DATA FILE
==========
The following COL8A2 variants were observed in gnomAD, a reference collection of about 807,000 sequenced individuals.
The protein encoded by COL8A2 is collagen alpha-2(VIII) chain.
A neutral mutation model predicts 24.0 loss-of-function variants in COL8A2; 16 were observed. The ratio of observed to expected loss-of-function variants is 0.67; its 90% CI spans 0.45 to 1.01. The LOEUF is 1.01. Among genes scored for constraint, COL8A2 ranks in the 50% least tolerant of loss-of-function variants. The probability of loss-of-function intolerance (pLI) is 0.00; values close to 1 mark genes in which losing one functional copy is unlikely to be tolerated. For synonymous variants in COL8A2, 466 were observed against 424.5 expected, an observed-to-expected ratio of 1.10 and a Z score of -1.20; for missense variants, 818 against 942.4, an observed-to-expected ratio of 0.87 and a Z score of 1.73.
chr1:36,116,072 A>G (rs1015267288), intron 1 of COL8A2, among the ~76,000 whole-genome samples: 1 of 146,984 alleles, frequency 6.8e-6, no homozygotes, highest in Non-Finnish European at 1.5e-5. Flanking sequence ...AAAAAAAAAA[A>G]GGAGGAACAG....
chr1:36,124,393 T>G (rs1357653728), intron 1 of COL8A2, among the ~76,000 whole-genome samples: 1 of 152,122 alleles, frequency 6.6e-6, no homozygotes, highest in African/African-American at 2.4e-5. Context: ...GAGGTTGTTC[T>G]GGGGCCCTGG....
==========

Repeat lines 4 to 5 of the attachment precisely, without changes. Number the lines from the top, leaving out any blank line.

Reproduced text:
chr1:36,116,072 A>G (rs1015267288), intron 1 of COL8A2, among the ~76,000 whole-genome samples: 1 of 146,984 alleles, frequency 6.8e-6, no homozygotes, highest in Non-Finnish European at 1.5e-5. Flanking sequence ...AAAAAAAAAA[A>G]GGAGGAACAG....
chr1:36,124,393 T>G (rs1357653728), intron 1 of COL8A2, among the ~76,000 whole-genome samples: 1 of 152,122 alleles, frequency 6.6e-6, no homozygotes, highest in African/African-American at 2.4e-5. Context: ...GAGGTTGTTC[T>G]GGGGCCCTGG....